Are HPG officials behind Archival’s slay?-A A +A
Friday, March 21, 2014
RIGHT after the fatal ambush of lawyer Noel Archival and two of his aides, several angles surfaced as to the motive behind the killings.
Some of these angles were damaging to the person and profession of Archival, who was a criminal trial lawyer.
Some of the angles investigators pursued included a moneyed client whom Archival may have assured of a victory in a case that involved a huge amount of money, that it had to do with the Ruben Ecleo Jr. case or that it had to do with a land-grabbing case.
Finally, there was the angle of government agents being behind the well-funded, well-planned and well-executed operation.
After an elimination process, the National Bureau of Investigation (NBI) 7 and police investigators pursued the last theory that government agents were behind the attack.
And now it can be told as authorities raided the impounding area of the PNP Highway Patrol Group (HPG) 7 and seized the vehicles allegedly used in the ambush that also killed Archival’s aide Candido Miñoza and driver Alejandro Jayme in Barangay Coro, Dalaguete last Feb. 18. Another aide, Paulo Cortes, survived the attack.
We are not jumping into conclusions that HPG officials masterminded the ambush-slay but based on the theory and the circumstantial evidences, there is that probability that they were behind it. It was a “resback,” or an act of vengeance.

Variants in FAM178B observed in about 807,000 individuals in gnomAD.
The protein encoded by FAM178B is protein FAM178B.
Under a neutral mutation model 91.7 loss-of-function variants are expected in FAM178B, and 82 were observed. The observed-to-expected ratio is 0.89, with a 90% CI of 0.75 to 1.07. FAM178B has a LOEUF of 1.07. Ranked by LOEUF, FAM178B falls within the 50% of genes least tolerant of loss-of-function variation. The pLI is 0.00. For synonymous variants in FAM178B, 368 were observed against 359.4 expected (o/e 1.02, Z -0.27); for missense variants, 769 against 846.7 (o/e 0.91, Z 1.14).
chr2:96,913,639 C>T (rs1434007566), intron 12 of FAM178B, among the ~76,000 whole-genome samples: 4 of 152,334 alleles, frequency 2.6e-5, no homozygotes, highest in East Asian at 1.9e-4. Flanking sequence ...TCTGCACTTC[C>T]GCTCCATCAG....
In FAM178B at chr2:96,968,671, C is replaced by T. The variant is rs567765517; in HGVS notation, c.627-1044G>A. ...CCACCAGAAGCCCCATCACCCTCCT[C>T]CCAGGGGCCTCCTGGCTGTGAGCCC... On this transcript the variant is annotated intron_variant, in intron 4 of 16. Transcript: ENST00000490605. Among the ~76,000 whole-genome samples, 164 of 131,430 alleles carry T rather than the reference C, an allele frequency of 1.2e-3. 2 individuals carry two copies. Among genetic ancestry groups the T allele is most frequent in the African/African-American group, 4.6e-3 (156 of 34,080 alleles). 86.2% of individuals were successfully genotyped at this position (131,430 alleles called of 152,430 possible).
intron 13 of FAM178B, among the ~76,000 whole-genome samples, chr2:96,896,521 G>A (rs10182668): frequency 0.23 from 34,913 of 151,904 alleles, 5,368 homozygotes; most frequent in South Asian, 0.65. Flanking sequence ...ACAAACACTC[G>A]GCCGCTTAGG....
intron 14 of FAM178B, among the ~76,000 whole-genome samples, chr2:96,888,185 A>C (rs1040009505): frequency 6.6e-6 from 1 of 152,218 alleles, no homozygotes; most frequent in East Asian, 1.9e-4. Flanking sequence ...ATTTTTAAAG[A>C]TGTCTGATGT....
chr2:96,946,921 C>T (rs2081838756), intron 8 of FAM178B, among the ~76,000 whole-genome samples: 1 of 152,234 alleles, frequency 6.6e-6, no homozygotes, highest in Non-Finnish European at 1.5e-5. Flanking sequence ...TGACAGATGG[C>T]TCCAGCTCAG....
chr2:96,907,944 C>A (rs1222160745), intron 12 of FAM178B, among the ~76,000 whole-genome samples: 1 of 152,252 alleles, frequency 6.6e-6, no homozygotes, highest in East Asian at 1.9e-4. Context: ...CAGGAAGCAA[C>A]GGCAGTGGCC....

Archival filed criminal and administrative cases against officials of the HPG 7 before the Office of the Deputy Ombudsman for the Military and other Law Enforcement Offices last year. Supt. Romualdo Iglesia, HPG 7 director; Chief Insp. Eduardo Mara, operations chief; Senior Insp. Joselito Lerion; and SPO4 Edwin Galan, chief clerk, were among the 14 personnel who were charged by Archival.
Are these people capable of that barbaric act? Yes, of course, because they have the capability. Remember that the assailants were on board an SUV and sedan vehicles and were carrying Armalite rifles. Only military men and law enforcers can possess such high-caliber firearms.
Had the mastermind and assailants been ordinary people, they would have used hired killers riding in tandem on motorcycles. But as I said, it was a well-funded, well-planned and well-executed operation.
The raid of the HGP 7’s impounding area and the seizure of the four vehicles were based on witnesses’ accounts and the CCTV footage taken near the crime scene. Cortes, the lone survivor, could have also provided authorities with vital information.
Sources said the red Toyota Vios with plate number GSC 675 was pulled out from the impounding area on the day when Archival’s group was ambushed and the vehicle was returned a few hours after incident. If this was the vehicle used, who had the key?
The vehicle is owned by Archival’s clients Catherine Go and Chris Reinz and had been impounded by the HPG 7. Go was charged with carnapping by HPG officials before the Cebu City Prosecutor’s Office. This prompted Archival to file cases against the HPG 7 officials. Found inside the car were a police commemorative plate number and a copy of a motion for reconsideration prepared by the slain lawyer.
Solving a crime, especially those without direct witnesses, is like solving a puzzle.
But with this latest breakthrough, I hope those responsible in the cold-blooded murder of Archival will be unmasked and be brought to justice. They should pay for the crime they committed. If, indeed, HPG 7 officials were behind it, this is another slap to the face of the entire Philippine National Police organization. Instead of protecting the lives of innocent civilians from criminal elements, they become oppressors and, worst, killers. Mind you, we have been hearing cases of the same nature in our midst.
Published in the Sun.Star Cebu newspaper on March 22, 2014.